“If you lived here, you’d be pretentious by now”

340208607_e6cdc8b4f6_mOne of the best and most controversial blogs in a long time is The South End is Over, a scathing but I think fairly accurate assessment of the evolution of Boston’s hippest neighborhood — and my home for three years — from gritty to gayborhood to yuppieville.

The blog has attracted not only the ire of those it criticizes, but the interest of Boston Magazine, which recently ran an article inspired by it, The South End is So Over.

“You wouldn’t know it from the thriving businesses or the still-hot real estate market, but there is a growing chorus of Bostonians who believe this has been the year the South End as they knew and loved it died, became hopelessly passé, jumped the shark. These critics—disaffected current or former residents, mostly—contend that the neighborhood has rapidly declined from an über-hip, multicultural melting pot into rich, white-bread uniformity, a shift that proves our city deserves its reputation as an unstylish, provincial burg irredeemably stratified by race and class…If the South End was Boston’s last great chance to put a star on the national coolness map, the argument goes, then we blew it, quickly overdeveloping everything wonderful about it into oblivion.”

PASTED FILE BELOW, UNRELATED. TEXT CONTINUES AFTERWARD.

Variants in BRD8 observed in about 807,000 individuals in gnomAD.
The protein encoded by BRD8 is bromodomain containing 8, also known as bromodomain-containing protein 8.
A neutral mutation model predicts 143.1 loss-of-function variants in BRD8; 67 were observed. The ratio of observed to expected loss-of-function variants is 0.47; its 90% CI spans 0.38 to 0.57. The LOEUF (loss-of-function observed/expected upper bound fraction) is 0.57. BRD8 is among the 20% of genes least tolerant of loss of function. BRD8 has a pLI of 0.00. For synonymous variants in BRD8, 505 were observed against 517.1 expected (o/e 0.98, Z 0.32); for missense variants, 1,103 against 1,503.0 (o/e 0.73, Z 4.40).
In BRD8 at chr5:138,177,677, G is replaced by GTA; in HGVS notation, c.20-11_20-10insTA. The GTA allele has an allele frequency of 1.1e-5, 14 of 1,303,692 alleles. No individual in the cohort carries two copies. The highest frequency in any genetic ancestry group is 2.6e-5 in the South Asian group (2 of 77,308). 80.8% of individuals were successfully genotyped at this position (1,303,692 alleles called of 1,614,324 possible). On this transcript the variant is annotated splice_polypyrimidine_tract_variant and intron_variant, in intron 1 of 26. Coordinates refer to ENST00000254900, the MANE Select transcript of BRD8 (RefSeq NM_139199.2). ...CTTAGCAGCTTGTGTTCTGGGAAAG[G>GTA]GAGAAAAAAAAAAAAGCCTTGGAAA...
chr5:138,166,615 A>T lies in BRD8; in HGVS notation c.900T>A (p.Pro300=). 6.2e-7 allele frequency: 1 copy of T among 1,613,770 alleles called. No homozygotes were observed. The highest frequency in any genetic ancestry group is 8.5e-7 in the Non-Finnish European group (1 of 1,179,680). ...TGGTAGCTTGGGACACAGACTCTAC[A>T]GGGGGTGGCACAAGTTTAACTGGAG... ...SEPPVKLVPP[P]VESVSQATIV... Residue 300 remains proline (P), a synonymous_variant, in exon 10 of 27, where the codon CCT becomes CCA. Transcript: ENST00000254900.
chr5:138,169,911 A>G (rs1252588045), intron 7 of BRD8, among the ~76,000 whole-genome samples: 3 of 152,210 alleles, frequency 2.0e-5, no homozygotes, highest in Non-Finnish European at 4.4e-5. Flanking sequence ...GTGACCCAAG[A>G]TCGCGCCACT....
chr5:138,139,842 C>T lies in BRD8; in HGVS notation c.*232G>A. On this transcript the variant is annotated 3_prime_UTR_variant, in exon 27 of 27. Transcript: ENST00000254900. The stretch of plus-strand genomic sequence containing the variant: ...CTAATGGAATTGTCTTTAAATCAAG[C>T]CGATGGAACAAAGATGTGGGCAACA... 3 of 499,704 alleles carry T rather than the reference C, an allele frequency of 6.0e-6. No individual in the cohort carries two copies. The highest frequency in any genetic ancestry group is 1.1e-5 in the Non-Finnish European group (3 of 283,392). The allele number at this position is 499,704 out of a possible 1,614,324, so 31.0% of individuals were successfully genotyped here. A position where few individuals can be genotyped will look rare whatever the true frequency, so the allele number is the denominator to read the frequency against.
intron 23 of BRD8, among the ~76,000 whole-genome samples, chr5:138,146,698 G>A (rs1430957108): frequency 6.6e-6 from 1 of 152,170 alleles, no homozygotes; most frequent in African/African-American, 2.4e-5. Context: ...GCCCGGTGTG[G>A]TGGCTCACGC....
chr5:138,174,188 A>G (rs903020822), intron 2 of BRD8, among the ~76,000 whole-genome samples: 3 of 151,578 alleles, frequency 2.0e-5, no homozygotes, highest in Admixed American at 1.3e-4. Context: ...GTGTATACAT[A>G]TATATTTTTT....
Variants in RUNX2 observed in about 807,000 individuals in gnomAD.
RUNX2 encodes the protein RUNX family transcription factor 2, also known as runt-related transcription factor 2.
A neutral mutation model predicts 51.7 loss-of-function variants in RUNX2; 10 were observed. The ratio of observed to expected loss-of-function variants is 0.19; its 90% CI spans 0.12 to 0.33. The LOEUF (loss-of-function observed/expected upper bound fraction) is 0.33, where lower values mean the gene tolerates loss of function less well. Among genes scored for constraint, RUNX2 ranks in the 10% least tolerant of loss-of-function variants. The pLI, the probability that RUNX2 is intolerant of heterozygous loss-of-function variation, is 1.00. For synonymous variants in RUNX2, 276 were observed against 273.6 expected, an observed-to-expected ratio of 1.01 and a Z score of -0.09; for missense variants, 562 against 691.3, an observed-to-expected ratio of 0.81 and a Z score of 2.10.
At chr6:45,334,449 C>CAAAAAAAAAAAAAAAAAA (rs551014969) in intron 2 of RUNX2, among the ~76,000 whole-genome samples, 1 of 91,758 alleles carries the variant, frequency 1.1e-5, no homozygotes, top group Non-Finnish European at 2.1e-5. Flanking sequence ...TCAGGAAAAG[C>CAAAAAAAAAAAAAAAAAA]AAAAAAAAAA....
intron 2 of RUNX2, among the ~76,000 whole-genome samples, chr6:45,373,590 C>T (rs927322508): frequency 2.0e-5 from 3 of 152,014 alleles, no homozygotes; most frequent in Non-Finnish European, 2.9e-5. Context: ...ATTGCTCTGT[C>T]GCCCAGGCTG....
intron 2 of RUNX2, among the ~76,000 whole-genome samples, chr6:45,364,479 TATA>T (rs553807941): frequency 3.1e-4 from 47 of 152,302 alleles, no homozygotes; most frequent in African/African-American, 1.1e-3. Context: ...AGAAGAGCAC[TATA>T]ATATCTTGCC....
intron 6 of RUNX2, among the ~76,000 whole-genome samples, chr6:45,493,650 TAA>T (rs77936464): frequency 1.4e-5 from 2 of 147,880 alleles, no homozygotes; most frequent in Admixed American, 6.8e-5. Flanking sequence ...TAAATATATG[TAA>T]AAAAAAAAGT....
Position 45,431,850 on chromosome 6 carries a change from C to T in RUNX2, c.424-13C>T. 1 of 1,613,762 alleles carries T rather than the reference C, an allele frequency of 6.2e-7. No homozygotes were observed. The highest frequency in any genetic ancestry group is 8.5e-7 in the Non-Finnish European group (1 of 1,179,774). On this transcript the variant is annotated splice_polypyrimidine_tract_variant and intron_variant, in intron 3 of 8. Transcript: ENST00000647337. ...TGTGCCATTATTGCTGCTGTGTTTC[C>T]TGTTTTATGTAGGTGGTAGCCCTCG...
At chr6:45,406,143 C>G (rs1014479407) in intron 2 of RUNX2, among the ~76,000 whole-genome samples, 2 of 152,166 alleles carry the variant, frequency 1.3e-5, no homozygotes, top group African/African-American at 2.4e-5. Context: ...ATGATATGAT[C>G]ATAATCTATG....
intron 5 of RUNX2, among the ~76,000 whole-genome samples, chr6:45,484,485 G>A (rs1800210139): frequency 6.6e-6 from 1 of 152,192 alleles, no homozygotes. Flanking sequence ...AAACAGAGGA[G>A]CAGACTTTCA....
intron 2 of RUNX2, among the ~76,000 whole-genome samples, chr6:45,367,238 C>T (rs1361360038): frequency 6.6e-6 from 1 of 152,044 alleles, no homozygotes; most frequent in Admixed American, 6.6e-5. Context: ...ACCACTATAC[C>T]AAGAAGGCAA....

As one resident told the magazine, “It’s lost all the things that made it Boston’s coolest place to live…Now it’s where rich people go to buy the experience of being hip, without actually being hip.”

When I was attending Boston University, long after the first wave of gentrification had hit the South End, the neighborhood felt decidedly “authentic” (whatever that means) — vast blocks of public housing coexisted with rehabbed brownstones, dark alleys still played host to plentiful sketchiness, and gay men by far outnumbered married couples and yuppies. By the time I moved to Columbus Ave. in 2003, the area had been spruced up further, but still retained a bit of grit — who hadn’t been mugged at one time or another while living in the South End? When I finally moved out in 2006, the chic shops had begun to hit Tremont Street, and the too-trendy restaurants far outnumbered the neighborhood’s crappy cheap-eats options. It felt almost like Disneyfication was happening. The latest wave of gentrification has only accelerated the changes, and visiting Boston today depresses me a bit — parts of the South End feel way too polished. As the author wonders, “Is this progress?”